Rutgers Ultraviolet Detector Lab
involvement with NASA Missions

STIS -- Space Telescope Imaging Spectrograph, a second generation instrument for the Hubble Space Telescope. It was launched and installed into HST in February 1997. C. Joseph is, an instrument team Co-Investigator and the detector scientist for the ultraviolet MAMA Detectors.
The Interstellar Medium Absorption Profile Spectrograph (IMAPS) initially was a Sounding Rocket (launched: 1985 & 1987). IMAPS is a far-ultraviolet (wavelengths 900-1150 Angstroms) echelle spectrograph with velocity resolution of 1.2 and 2.4 km/s, higher even than the spectrographs on HST. Relevant Detector: the EBCCD.
ORFEUS/IMAPS -- Orbiting Retrievable Far and Extreme Ultraviolet Spectrometers was a joint NASA/DARA (USA/German) orbital mission which IMAPS flew piggy back in 1993 and again in 1996. The Columbia shuttle carried ORFEUS/IMAPS into space, the astronauts deployed the spacecraft, which became a free-flying satellite for 7 to 10 days before being recaptured and brought back to earth. Relevant Detector: the EBCCD.
NPOESS/SESS -- National Polar­orbiting Operational Environmental Satellite System is a governmental multi-agency program to monitor the impact of our sun on the earth's atmosphere. The information is necessary to protect and react to conditions that may adversely impact the power grid and telecommunications. Rutgers is supporting Ball Aerospace with far-ultraviolet detectors.
OWL Orbiting Wide-angle Light-collectors is an envisaged NASA Great Observatory to study ultra-high energy cosmic rays. The mission will consist of two 7-m aperture telescopes looking down at the earth's atmosphere. When a ultra-high energy CR hits the atmosphere it creates a near-ultraviolet shower. The OWL telescopes will be able to measure hundreds of events per year, determining the direction of origin and energy. The detector challenge is to develop a near-UV detector that is more than 100x larger than any previous device and to be able to capture frames very rapidly over the several millisecond event.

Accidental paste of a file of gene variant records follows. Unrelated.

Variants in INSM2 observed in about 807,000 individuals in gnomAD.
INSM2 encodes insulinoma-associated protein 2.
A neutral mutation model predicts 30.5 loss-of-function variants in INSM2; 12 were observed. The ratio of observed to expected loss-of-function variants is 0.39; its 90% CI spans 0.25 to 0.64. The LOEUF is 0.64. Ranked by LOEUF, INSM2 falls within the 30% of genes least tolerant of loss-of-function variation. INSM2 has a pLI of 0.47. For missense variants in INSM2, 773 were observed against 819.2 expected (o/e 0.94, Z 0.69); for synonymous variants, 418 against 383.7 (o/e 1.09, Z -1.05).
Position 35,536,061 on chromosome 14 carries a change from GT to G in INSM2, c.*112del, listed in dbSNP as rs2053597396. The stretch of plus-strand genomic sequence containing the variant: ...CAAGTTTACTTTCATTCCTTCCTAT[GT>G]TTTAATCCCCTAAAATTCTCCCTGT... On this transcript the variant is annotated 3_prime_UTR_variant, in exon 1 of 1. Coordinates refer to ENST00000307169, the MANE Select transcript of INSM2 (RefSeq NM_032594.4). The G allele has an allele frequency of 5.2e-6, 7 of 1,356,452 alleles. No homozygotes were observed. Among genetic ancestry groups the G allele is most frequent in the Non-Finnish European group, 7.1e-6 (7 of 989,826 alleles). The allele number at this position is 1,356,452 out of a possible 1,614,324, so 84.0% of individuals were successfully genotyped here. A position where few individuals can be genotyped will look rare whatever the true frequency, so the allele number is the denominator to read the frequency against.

SUVO --- Space Ultraviolet/Visible Observatory is an envisaged NASA Great Observatory to replace the Hubble Space Telescope. SUVO will have an aperture between 4 m and 8 m, compared to HST's 2.4 m. The observatory, as its name implies, will cover the visible and ultraviolet wavelengths. Currently, ultraviolet detectors have a quantum efficiency (sensitivity) of only 10-20%. To make take full advantage of SUVO, UV detector with visible-blind quantum efficiencies of 80% or more will be required. AlGaN solid-state are the only devices under development that meet this criteria.
HAWK -- Hierarchical Assembly through Wide-field Kinematics is a proposed Long-Duration Balloon Mission. HAWK will have a floation altitude of 35 km (just under 22 miles) and will carry a 1.8 meter telescope, providing spatial resolution comparable to the Hubble Space Telescope, but one that has 100x the efficiency to map the 2-D velocities. HAWK will empirically determine how galaxies formed and evolved without relying on models.
Kronos --- Kronos (for time keeper) is a proposed Midex Mission for monitoring long-term variability over a broad range of wavelengths. Projects include reverberation maps of quasars as material fall into black holes and stellar flares, among other topics.

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